When Moses reaches Egypt, he is use ‘the staff of God’ to perform all the wonders God has enabled him to do. The miracles that God would work before Pharaoh would leave Pharaoh without excuse. If Pharaoh refused to allow God to have His firstborn, that is, the nation of Israel, then God would take the firstborn of Egypt.
Why did God harden Pharaoh’s heart? Behind this question for many is the idea that Pharaoh didn’t have any free will, and therefore, he had no choice but to do what God wanted him to do.
In the Book of Exodus, we read how Moses had been commanded by God to go to Pharaoh and demand that Pharaoh let his people go, Exodus 9:1. Understandably, Pharaoh was reluctant to do so because the Israelites were his slaves and they worked hard to help build and maintain his kingdom.
Moses goes to Pharaoh and by faith and the power of God, he confirms that God is with him by using signs and wonders. These signs and wonders were used to confirm Moses’ message to Pharaoh, to let His people go, Exodus 7:1-7.
The last plague of Egypt was when the firstborn of every animal and human died, but none of the Israelites died, Exodus 11:4. It wasn’t until Pharaoh’s firstborn son died, did he decide to let God’s people go, Exodus 12:31.
But even when he allowed them to go, his pride and arrogance led him to change his mind and so he went after them. We don’t know if Pharaoh himself died but many Egyptians died in the process, Exodus 14:28 / Exodus 15:19.
Now remember that all this hardening of the heart business was done during the ten plagues, but there’s an important point which is often overlooked. God said that He would harden Pharaoh’s heart ten times throughout the Book of Exodus, Exodus 4:21 / Exodus 7:3 / Exodus 9:12 / Exodus 10:1 / Exodus 10:20 / Exodus 10:27 / Exodus 11:10 / Exodus 14:4 / Exodus 14:8 / Exodus 14:17.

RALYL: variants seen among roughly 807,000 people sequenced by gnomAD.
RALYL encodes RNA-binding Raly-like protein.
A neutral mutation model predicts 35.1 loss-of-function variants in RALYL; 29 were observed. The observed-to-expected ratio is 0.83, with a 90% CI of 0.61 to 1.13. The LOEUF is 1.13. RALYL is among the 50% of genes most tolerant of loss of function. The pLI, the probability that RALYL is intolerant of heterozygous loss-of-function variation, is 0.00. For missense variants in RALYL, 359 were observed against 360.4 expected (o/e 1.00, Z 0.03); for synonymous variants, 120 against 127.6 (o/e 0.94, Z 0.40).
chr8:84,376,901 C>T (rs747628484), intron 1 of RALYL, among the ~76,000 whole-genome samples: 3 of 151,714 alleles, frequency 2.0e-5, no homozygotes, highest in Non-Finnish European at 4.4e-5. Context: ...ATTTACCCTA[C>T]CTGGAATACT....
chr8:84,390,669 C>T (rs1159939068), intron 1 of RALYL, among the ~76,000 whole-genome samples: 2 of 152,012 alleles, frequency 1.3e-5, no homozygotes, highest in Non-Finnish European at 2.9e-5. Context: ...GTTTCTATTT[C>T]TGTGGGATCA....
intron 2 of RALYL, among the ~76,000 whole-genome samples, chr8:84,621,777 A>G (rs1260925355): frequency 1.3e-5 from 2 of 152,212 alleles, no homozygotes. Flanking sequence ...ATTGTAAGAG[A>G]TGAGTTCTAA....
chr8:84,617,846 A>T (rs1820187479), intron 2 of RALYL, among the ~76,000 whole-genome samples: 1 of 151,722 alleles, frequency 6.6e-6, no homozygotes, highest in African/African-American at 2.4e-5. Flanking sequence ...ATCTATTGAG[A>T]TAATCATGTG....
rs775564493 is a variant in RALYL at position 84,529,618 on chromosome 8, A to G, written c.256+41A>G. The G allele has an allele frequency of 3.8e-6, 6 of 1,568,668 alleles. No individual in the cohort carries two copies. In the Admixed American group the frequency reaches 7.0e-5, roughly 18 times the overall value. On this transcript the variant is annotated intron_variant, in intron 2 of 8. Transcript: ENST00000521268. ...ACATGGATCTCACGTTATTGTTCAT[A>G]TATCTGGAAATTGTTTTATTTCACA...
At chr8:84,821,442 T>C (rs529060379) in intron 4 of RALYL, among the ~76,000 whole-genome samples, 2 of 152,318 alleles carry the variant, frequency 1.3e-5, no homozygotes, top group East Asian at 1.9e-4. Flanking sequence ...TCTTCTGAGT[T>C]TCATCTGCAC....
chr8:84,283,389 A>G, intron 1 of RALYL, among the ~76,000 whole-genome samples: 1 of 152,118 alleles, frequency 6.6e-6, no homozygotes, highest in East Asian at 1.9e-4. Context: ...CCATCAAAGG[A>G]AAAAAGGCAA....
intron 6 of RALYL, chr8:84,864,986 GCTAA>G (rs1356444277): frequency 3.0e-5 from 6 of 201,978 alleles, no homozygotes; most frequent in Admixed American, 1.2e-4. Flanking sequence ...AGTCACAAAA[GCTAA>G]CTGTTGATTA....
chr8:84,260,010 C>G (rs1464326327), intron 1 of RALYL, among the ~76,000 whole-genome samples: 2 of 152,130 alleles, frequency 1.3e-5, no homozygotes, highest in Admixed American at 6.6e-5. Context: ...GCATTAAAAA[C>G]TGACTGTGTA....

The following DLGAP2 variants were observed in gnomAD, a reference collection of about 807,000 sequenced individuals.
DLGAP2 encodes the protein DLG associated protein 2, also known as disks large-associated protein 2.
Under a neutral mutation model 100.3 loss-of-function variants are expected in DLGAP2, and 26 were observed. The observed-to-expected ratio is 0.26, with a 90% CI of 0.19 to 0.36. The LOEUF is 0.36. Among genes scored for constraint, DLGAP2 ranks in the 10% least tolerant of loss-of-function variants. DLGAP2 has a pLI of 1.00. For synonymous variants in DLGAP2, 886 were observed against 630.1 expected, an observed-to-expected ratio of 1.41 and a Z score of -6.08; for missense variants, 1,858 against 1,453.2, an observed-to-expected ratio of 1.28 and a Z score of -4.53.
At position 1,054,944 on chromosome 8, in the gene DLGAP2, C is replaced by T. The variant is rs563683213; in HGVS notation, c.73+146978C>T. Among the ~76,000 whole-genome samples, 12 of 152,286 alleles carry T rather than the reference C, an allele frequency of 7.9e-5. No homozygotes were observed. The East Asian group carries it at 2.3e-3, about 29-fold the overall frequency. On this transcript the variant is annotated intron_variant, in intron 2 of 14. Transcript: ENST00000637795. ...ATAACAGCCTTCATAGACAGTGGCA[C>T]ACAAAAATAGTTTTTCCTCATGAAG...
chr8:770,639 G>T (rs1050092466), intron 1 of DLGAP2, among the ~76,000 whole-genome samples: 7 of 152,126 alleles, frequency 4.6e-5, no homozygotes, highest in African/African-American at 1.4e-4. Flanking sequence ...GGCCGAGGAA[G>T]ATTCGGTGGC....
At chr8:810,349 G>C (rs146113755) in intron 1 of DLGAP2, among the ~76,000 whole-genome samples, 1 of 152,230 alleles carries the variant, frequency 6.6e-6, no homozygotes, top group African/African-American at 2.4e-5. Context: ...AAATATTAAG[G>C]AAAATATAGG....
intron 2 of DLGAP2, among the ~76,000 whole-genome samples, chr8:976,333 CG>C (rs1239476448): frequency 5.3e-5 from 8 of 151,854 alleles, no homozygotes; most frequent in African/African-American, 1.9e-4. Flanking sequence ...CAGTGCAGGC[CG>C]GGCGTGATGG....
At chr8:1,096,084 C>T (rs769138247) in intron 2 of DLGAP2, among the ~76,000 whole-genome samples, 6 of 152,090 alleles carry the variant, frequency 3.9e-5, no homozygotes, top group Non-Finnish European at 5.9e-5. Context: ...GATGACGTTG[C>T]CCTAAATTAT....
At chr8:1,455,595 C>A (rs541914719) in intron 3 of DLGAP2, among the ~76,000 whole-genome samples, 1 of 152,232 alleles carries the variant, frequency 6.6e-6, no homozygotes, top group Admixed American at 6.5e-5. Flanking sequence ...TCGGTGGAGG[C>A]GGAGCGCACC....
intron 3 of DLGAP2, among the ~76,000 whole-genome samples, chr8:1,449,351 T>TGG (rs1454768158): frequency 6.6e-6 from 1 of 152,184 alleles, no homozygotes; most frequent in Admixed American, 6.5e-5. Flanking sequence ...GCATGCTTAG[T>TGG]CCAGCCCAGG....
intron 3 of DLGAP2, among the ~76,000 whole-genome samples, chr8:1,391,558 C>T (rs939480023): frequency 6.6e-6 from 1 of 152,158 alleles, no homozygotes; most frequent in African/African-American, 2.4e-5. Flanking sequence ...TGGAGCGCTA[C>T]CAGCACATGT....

Now what is often overlooked is that Pharaoh himself is said to have hardened his own heart ten times throughout Exodus, Exodus 7:13 / Exodus 7:14 / Exodus 7:22 / Exodus 8:15 / Exodus 8:19 / Exodus 8:32 / Exodus 9:7 / Exodus 9:34 / Exodus 9:35 / Exodus 13:15.
The hardening of Pharaoh’s heart is something which God told Moses He would have to do because God knew Pharaoh wouldn’t let His people go straight away, Exodus 4:21, but it’s clear after reading the above Scriptures that the hardening of Pharaoh’s heart was done by both God and Pharaoh himself.
What we see in all those Scriptures, is Pharaoh hardened his own heart during the first five plagues. Pharaoh hardened his own heart because he wouldn’t listen to Moses and Aaron, he wouldn’t let God’s people go but God didn’t harden his heart until the sixth plague came, Exodus 9:12.